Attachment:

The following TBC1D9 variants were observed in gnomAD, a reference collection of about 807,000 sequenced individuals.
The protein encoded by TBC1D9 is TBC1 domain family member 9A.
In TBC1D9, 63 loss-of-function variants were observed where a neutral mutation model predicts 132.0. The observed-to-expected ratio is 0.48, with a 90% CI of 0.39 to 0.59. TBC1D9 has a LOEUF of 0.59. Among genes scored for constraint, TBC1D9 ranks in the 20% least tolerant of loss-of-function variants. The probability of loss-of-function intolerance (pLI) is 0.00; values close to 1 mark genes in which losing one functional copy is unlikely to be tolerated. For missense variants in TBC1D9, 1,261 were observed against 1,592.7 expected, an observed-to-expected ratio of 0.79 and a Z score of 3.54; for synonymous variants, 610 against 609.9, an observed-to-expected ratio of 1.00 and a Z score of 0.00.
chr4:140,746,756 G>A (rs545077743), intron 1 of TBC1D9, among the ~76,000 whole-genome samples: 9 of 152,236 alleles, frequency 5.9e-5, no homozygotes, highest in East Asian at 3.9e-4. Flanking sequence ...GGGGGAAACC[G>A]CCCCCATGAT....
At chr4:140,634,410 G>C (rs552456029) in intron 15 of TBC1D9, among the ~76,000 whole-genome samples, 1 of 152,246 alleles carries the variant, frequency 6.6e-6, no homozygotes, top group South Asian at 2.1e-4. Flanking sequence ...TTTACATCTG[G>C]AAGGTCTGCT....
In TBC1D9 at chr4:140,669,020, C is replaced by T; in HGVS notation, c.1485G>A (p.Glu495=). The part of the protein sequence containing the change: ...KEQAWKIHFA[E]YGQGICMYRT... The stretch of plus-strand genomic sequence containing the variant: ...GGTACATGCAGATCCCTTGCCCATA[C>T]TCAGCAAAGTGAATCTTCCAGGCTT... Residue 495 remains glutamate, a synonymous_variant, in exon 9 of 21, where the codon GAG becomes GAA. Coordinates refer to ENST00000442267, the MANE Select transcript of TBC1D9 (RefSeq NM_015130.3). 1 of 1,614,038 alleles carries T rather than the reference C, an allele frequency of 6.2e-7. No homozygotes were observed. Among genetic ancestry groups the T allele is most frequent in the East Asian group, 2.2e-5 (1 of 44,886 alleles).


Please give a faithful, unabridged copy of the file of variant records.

The following TBC1D9 variants were observed in gnomAD, a reference collection of about 807,000 sequenced individuals.
The protein encoded by TBC1D9 is TBC1 domain family member 9A.
In TBC1D9, 63 loss-of-function variants were observed where a neutral mutation model predicts 132.0. The observed-to-expected ratio is 0.48, with a 90% CI of 0.39 to 0.59. TBC1D9 has a LOEUF of 0.59. Among genes scored for constraint, TBC1D9 ranks in the 20% least tolerant of loss-of-function variants. The probability of loss-of-function intolerance (pLI) is 0.00; values close to 1 mark genes in which losing one functional copy is unlikely to be tolerated. For missense variants in TBC1D9, 1,261 were observed against 1,592.7 expected, an observed-to-expected ratio of 0.79 and a Z score of 3.54; for synonymous variants, 610 against 609.9, an observed-to-expected ratio of 1.00 and a Z score of 0.00.
chr4:140,746,756 G>A (rs545077743), intron 1 of TBC1D9, among the ~76,000 whole-genome samples: 9 of 152,236 alleles, frequency 5.9e-5, no homozygotes, highest in East Asian at 3.9e-4. Flanking sequence ...GGGGGAAACC[G>A]CCCCCATGAT....
At chr4:140,634,410 G>C (rs552456029) in intron 15 of TBC1D9, among the ~76,000 whole-genome samples, 1 of 152,246 alleles carries the variant, frequency 6.6e-6, no homozygotes, top group South Asian at 2.1e-4. Flanking sequence ...TTTACATCTG[G>C]AAGGTCTGCT....
In TBC1D9 at chr4:140,669,020, C is replaced by T; in HGVS notation, c.1485G>A (p.Glu495=). The part of the protein sequence containing the change: ...KEQAWKIHFA[E]YGQGICMYRT... The stretch of plus-strand genomic sequence containing the variant: ...GGTACATGCAGATCCCTTGCCCATA[C>T]TCAGCAAAGTGAATCTTCCAGGCTT... Residue 495 remains glutamate, a synonymous_variant, in exon 9 of 21, where the codon GAG becomes GAA. Coordinates refer to ENST00000442267, the MANE Select transcript of TBC1D9 (RefSeq NM_015130.3). 1 of 1,614,038 alleles carries T rather than the reference C, an allele frequency of 6.2e-7. No homozygotes were observed. Among genetic ancestry groups the T allele is most frequent in the East Asian group, 2.2e-5 (1 of 44,886 alleles).